Goucher cited a study taken by Zendesk in 2011 that showed customer satisfaction dropping from 79% to 58% when a call center was moved outside the United States. “Everyone that I know has likely had a poor customer experience at some point in their lives with an agent that they couldn’t understand,” he observed.

He noted that the biggest problem with bad customer experience is the lack of support systems, training, and management oversight in the call center.

“Frequently we see companies move call centers offshore just to have the phone answered.” he said. “In customer service, answering the phone isn’t the most important part, it’s what happens after.”

“Agents, accent or no accent, will be able to provide winning customer experiences if they are the right person for the role, have the right training, and have the right tools to solve customer problems,” he added. “Saying the accent is the problem is an easy out.”

Bias Against Accents

When a customer support person doesn’t have the tools to solve a problem, it can be a huge frustration to a customer, Gold observed. “If I call somebody, I want my problem solved, and I don’t want to go through 88 steps to get there,” he said. “It’s frustrating to me because I just spent a whole bunch of money with your company.”

“Anything that can be done to get over that hump faster has multiple benefits,” he continued. “From the consumer perspective, there’s the benefit of not pissing me off. In addition, if I can get through faster, it means the service person can spend less time with me and can handle more calls. And if I can hone in on the problem better, I won’t have to call again about it.”

Regardless of whether a customer support person has the tools they need to provide top-notch service, accents can influence a caller’s response to the person at the other end of a phone line.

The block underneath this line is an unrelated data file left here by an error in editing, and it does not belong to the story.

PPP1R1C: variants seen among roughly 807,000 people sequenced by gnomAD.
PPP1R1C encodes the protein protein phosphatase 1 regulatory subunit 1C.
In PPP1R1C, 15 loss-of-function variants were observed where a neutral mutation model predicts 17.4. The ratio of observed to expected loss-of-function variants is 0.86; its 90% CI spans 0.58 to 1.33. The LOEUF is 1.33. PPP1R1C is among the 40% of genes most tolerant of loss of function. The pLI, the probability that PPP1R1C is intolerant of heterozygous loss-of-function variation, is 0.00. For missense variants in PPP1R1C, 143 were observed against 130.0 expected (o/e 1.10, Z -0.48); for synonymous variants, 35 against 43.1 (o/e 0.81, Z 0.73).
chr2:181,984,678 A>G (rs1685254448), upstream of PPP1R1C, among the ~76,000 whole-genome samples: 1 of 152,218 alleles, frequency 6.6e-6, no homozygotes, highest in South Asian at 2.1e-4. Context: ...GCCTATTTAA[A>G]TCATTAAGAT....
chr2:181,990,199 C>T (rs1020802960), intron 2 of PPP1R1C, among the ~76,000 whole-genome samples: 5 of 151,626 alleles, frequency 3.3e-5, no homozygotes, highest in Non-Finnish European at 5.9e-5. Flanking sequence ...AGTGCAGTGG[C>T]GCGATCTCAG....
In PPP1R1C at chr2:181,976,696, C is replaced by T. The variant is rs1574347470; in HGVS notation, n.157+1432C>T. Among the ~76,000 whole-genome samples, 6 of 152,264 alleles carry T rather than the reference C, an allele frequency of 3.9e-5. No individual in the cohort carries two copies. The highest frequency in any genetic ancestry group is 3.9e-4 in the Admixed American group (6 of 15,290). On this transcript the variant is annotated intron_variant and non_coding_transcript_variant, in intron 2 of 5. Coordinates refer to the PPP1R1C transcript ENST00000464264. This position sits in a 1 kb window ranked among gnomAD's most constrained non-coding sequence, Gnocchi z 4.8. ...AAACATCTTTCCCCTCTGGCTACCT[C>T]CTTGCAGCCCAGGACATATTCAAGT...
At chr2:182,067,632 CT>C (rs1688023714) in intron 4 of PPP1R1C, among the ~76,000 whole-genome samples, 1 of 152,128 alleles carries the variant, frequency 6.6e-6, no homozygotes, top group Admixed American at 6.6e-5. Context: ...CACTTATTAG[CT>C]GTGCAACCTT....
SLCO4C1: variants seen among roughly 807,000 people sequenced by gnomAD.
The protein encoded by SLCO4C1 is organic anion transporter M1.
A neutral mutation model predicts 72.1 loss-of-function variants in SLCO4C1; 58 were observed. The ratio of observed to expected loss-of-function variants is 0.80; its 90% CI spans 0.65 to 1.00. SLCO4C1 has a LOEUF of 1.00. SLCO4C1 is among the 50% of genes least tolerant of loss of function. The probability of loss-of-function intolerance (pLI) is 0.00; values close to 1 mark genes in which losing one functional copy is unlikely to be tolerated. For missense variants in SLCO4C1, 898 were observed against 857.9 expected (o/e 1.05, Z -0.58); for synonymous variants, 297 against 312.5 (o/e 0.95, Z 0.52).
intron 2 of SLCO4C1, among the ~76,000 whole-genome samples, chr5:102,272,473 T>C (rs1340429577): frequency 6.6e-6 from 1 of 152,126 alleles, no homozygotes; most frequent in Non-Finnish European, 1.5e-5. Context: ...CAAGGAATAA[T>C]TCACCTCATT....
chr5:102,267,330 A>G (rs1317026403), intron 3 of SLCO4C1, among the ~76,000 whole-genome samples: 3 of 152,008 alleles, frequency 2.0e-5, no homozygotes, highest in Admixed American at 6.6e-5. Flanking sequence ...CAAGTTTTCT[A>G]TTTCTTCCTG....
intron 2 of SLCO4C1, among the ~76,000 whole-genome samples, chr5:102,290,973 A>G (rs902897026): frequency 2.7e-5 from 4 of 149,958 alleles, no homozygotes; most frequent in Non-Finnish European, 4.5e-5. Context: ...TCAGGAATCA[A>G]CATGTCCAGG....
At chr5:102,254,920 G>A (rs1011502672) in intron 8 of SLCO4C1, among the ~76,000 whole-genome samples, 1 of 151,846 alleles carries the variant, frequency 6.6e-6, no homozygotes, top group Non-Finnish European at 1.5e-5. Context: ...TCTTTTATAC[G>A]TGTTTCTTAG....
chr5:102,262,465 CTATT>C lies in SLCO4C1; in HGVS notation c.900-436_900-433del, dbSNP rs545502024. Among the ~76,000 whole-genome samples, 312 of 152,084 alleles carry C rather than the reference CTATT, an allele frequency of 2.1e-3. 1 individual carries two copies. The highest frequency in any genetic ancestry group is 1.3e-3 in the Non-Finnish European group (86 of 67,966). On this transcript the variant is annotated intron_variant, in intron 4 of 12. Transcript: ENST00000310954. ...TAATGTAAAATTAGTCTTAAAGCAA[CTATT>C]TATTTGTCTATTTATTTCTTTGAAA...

“A customer could become upset at having to decode a foreign accent,” Harmon said. “There is also the stereotype that some U.S. accents sound uneducated, and a customer could feel like that the service provider is getting by with cheaper support.”

“In some cases, I think the biggest pre-existing bias is that if the agent has an accent, they aren’t going to be able to solve my problem,” Goucher added.

Choice for Voice

Serebryakov noted that one of the goals of Sanas is to provide people with choice when it comes to their voice. “When we post photos on Instagram, we can use filters to represent ourselves however we want to,” he explained. “But you don’t have a similar medium for voice. Our mission at Sanas is to provide that kind of choice.”

Although Sanas has initially targeted call centers for its technology, there are other areas that hold potential for it.

“One of the biggest uses we see for the technology is in enterprise communication,” Narayana said. “We got a call from Samsung saying they’ve got 70,000 engineers in Korea who interact with engineers in the U.S., and they don’t talk at team meetings because they’re scared how they’ll be interpreted. That’s the next use case we want to solve.”

The technology also has potential in gaming, health care, telemedicine, and education, he added.

Sanas on June 22 announced a $32 million Series A, boasting the largest Series A round in history for a speech technology company.